David Bourget (Western Ontario)
David Chalmers (ANU, NYU)
Rafael De Clercq
Jack Alan Reynolds
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Philosophical Quarterly 60 (238):149-159 (2010)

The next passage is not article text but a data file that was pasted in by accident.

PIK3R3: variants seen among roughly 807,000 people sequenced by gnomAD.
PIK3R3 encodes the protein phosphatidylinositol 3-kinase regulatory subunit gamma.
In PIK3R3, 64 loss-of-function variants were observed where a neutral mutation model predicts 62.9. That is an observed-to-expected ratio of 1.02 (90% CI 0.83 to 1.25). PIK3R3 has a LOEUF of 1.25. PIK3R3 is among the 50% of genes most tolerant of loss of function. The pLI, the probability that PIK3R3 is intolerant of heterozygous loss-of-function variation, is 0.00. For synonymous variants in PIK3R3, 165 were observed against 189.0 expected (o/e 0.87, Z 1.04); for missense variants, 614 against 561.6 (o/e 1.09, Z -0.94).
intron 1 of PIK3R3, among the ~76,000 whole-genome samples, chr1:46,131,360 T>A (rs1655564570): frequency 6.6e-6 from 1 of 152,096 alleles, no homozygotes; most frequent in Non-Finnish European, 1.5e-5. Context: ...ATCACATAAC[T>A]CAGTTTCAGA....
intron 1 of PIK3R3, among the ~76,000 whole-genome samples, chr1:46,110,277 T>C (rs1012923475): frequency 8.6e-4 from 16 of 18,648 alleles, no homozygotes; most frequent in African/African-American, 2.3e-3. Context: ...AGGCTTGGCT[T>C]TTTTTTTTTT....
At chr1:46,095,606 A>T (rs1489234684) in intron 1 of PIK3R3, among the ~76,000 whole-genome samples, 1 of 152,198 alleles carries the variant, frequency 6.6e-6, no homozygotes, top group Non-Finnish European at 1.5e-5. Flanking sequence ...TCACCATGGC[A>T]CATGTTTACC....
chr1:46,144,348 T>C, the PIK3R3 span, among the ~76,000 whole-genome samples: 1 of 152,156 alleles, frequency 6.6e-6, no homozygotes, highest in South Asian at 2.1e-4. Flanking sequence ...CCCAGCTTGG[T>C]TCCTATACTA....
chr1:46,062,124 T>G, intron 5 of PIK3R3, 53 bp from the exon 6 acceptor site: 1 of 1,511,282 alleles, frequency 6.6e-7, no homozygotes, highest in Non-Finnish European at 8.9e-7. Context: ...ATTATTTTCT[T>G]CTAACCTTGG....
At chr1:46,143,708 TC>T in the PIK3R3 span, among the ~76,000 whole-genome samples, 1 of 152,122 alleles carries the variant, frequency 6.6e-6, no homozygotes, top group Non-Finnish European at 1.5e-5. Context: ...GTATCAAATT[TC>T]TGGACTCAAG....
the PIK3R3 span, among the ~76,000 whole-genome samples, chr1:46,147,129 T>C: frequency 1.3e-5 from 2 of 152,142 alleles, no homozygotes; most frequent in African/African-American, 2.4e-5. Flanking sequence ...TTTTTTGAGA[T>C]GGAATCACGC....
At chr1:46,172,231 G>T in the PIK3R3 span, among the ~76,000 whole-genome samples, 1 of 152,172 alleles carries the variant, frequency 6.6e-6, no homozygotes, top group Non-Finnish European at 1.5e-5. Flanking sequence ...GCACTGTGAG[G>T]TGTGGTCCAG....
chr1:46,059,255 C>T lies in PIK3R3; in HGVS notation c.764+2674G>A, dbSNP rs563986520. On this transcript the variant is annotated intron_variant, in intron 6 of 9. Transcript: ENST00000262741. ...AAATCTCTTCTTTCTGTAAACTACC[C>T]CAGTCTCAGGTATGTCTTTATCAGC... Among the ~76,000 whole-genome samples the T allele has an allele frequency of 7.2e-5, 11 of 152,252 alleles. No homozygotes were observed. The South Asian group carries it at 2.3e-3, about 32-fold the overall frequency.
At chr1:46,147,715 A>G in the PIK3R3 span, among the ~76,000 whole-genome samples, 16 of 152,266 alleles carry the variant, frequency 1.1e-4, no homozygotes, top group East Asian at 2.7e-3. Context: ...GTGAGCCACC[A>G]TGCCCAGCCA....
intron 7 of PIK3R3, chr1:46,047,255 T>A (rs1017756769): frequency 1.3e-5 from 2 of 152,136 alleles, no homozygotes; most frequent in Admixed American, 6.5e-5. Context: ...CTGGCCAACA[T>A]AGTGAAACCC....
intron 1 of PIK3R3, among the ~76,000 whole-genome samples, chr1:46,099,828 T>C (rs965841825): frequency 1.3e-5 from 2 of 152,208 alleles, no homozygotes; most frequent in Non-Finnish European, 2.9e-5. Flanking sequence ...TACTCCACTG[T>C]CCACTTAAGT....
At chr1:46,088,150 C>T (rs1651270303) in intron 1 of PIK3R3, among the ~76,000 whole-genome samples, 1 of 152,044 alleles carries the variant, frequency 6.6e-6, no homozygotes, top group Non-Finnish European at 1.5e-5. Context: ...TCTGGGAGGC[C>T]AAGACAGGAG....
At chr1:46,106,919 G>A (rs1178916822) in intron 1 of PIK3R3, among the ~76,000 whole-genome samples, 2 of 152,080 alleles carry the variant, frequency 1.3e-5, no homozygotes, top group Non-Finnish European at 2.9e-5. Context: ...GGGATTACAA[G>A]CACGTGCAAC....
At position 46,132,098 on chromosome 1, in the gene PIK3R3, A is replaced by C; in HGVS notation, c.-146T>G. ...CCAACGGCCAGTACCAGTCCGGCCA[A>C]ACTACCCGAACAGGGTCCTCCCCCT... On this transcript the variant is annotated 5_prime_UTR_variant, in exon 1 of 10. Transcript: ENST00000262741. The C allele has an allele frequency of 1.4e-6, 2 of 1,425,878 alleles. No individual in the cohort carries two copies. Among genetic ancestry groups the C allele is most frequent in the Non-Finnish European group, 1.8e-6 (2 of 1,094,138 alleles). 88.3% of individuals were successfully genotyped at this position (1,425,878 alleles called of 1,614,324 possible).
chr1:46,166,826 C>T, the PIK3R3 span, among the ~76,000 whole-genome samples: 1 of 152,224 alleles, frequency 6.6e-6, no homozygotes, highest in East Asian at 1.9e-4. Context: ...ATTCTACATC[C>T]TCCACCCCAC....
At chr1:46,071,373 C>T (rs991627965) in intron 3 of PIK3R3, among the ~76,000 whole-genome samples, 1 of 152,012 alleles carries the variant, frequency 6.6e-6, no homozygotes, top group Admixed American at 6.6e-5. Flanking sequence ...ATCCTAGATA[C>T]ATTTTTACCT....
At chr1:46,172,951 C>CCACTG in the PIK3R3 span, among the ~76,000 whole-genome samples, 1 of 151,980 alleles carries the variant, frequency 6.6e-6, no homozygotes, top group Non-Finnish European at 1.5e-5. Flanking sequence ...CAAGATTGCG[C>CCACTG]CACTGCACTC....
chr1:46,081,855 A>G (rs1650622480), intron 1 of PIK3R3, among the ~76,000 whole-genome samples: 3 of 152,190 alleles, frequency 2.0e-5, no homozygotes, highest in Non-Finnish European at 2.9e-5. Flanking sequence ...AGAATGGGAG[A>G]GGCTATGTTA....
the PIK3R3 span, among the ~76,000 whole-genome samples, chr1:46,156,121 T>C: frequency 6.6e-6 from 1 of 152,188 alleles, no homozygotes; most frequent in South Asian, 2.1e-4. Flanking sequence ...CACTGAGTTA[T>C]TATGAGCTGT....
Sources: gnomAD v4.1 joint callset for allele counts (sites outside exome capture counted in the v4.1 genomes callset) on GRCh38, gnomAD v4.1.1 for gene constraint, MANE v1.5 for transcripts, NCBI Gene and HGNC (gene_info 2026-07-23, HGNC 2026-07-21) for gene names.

A necessarily true sentence is 'brute' if it does not rigidly refer to anything and if it cannot be reduced to a logical truth. The question of whether there are brute necessities is an extremely natural one. Cian Dorr has recently argued for far-reaching metaphysical claims on the basis of the principle that there are no brute necessities: he initially argued that there are no non-symmetric relations, and later that there are no abstract objects at all. I argue that there are nominalistically acceptable brute necessities, and that Dorr's arguments thus fail. My argument is an application of Gödel's first incompleteness theorem.
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